- Date(s): Wed, Jul 14
- Time: 12:00 pm - 1:00 pm
- Website: https://www.facebook.com/events/508454017033258?acontext=%7B%22event_action_history%22%3A[%7B%22surface%22%3A%22page%22%7D]%7D
Join the Mississippi Department of Archives & History on site at the Two Mississippi Museums at noon on Wednesday, July 14, for History Is Lunch (or watch the livestream on Facebook) when Timothy B. Smith will present “Notes on the Siege of Vicksburg.”
Smith is the author of the new book The Siege of Vicksburg: Climax of the Campaign to Open the Mississippi River, May 23–July 4, 1863. That work draws on such primary documents as Union and Confederate official reports, soldiers’ diaries and letters, and newspaper accounts to produce a narrative of the operations including combat experiences of the soldiers in the trenches.
“The siege was unlike anything Grant’s Army of the Tennessee had attempted to that point; the strategy and tactics were complex, the engineers’ work brilliant, the day-to-day participation grueling,” said Smith. “I wanted to show the effect on all involved, from townspeople to the soldiers manning the fortifications.”
The Siege of Vicksburg portrays a high-stakes moment in the course of the Civil War because both sides understood that the fate of the Mississippi River, the trans-Mississippi region, and perhaps the Confederacy itself were at stake. Smith’s detailed command-level analysis extends from army to corps, brigades, and regiments and offers fresh insights on where each side held an advantage.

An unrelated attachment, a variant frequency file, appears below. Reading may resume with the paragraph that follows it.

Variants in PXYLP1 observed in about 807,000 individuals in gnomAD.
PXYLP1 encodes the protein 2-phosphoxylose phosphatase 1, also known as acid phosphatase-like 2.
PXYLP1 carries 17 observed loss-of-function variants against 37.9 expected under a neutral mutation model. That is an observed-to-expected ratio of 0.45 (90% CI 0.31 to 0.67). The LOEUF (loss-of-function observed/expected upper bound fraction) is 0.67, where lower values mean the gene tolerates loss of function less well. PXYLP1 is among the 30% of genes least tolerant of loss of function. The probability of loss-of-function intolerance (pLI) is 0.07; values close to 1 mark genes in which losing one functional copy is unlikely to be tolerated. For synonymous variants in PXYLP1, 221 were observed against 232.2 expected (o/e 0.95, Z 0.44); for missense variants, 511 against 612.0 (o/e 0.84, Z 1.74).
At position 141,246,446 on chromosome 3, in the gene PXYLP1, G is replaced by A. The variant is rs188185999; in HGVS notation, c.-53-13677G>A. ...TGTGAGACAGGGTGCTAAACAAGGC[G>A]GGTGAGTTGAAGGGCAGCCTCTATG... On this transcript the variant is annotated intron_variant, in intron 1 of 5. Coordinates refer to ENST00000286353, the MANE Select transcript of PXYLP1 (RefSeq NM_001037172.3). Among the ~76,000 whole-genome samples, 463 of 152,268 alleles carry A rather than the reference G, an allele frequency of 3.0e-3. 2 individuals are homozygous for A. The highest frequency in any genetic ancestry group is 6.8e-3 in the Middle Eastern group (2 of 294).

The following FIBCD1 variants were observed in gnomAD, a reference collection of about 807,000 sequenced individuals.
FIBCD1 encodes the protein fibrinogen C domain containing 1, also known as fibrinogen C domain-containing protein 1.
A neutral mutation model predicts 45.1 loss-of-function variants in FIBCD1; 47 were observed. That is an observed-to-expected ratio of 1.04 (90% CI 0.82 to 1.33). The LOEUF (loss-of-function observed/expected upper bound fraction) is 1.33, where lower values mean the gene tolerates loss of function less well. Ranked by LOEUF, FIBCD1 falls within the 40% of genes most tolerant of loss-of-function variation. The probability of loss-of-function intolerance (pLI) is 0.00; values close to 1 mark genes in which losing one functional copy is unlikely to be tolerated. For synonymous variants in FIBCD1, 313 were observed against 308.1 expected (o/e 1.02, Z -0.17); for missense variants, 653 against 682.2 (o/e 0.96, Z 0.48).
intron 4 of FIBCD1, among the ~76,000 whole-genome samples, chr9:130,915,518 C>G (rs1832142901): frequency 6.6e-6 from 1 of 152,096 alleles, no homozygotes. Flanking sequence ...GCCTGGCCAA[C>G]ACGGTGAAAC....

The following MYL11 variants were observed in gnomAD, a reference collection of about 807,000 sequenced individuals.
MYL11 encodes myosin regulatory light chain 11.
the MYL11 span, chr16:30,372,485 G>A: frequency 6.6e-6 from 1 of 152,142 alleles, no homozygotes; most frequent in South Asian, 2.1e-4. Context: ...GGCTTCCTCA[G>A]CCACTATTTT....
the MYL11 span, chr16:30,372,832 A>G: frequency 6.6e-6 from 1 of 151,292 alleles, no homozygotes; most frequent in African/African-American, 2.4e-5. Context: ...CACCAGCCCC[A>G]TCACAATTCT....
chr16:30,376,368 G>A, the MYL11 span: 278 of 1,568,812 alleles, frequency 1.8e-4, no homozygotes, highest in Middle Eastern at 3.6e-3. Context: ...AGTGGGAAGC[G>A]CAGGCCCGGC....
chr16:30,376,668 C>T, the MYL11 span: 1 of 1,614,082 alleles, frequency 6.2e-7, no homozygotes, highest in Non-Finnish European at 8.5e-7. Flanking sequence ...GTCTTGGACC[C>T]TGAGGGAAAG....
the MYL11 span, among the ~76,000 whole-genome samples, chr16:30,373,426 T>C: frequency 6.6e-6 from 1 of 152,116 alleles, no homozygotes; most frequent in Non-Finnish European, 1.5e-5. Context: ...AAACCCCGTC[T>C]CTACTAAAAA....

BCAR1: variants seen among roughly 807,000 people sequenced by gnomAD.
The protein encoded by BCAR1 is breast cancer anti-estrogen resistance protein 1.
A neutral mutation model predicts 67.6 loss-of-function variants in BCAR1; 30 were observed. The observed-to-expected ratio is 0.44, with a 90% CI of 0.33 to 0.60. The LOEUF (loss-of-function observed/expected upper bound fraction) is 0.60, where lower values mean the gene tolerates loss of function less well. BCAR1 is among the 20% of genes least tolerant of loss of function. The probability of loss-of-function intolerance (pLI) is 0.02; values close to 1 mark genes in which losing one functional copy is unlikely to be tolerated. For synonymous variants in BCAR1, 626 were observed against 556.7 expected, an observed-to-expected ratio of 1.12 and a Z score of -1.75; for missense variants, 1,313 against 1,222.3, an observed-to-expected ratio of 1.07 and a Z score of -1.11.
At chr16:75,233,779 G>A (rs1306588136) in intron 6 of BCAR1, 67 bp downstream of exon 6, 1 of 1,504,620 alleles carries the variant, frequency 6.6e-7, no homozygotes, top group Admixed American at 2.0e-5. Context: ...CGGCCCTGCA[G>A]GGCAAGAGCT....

“One key advantage was that the Federals had vast confidence in their commander while the Confederates showed no such assurance, whether it was Pemberton inside Vicksburg or Johnston outside,” said Smith.
Retired Vicksburg National Military Park historian Terrence J. Winschel said Smith’s “talented pen details the siege with intimacy and clarity, and he chronicles the complex operations through the personal experiences of the men in blue and gray in a manner that is sure to captivate the reader. His work is smooth, comprehensive, insightful, and written with a passion that makes it a delight to read.”
History Is Lunch is sponsored by the John and Lucy Shackelford Charitable Fund of the Community Foundation for Mississippi. The weekly lecture series of the Mississippi Department of Archives and History explores different aspects of the state’s past. The hour-long programs are held in the Craig H. Neilsen Auditorium of the Museum of Mississippi History and Mississippi Civil Rights Museum building at 222 North Street in Jackson. MDAH also livestreams videos of the program on their Facebook page, https://www.facebook.com/MDAHOfficial/. And the videos are posted on the department’s YouTube channel, https://www.youtube.com/MDAHVideo.